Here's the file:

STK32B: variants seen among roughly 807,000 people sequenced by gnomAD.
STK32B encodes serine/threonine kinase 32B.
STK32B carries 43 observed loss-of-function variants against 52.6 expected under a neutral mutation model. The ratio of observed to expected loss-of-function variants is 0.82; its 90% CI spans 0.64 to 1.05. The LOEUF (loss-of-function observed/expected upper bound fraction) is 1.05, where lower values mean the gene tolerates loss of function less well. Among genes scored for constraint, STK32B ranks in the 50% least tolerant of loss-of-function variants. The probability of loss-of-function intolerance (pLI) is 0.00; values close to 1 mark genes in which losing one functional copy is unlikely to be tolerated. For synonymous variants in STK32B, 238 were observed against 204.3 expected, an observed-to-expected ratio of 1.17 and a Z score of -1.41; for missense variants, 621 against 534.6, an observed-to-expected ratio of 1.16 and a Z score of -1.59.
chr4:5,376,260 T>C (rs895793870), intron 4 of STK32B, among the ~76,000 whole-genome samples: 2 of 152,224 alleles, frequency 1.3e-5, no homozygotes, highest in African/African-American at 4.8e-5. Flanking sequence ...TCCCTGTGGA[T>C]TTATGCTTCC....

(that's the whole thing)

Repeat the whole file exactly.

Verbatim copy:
STK32B: variants seen among roughly 807,000 people sequenced by gnomAD.
STK32B encodes serine/threonine kinase 32B.
STK32B carries 43 observed loss-of-function variants against 52.6 expected under a neutral mutation model. The ratio of observed to expected loss-of-function variants is 0.82; its 90% CI spans 0.64 to 1.05. The LOEUF (loss-of-function observed/expected upper bound fraction) is 1.05, where lower values mean the gene tolerates loss of function less well. Among genes scored for constraint, STK32B ranks in the 50% least tolerant of loss-of-function variants. The probability of loss-of-function intolerance (pLI) is 0.00; values close to 1 mark genes in which losing one functional copy is unlikely to be tolerated. For synonymous variants in STK32B, 238 were observed against 204.3 expected, an observed-to-expected ratio of 1.17 and a Z score of -1.41; for missense variants, 621 against 534.6, an observed-to-expected ratio of 1.16 and a Z score of -1.59.
chr4:5,376,260 T>C (rs895793870), intron 4 of STK32B, among the ~76,000 whole-genome samples: 2 of 152,224 alleles, frequency 1.3e-5, no homozygotes, highest in African/African-American at 4.8e-5. Flanking sequence ...TCCCTGTGGA[T>C]TTATGCTTCC....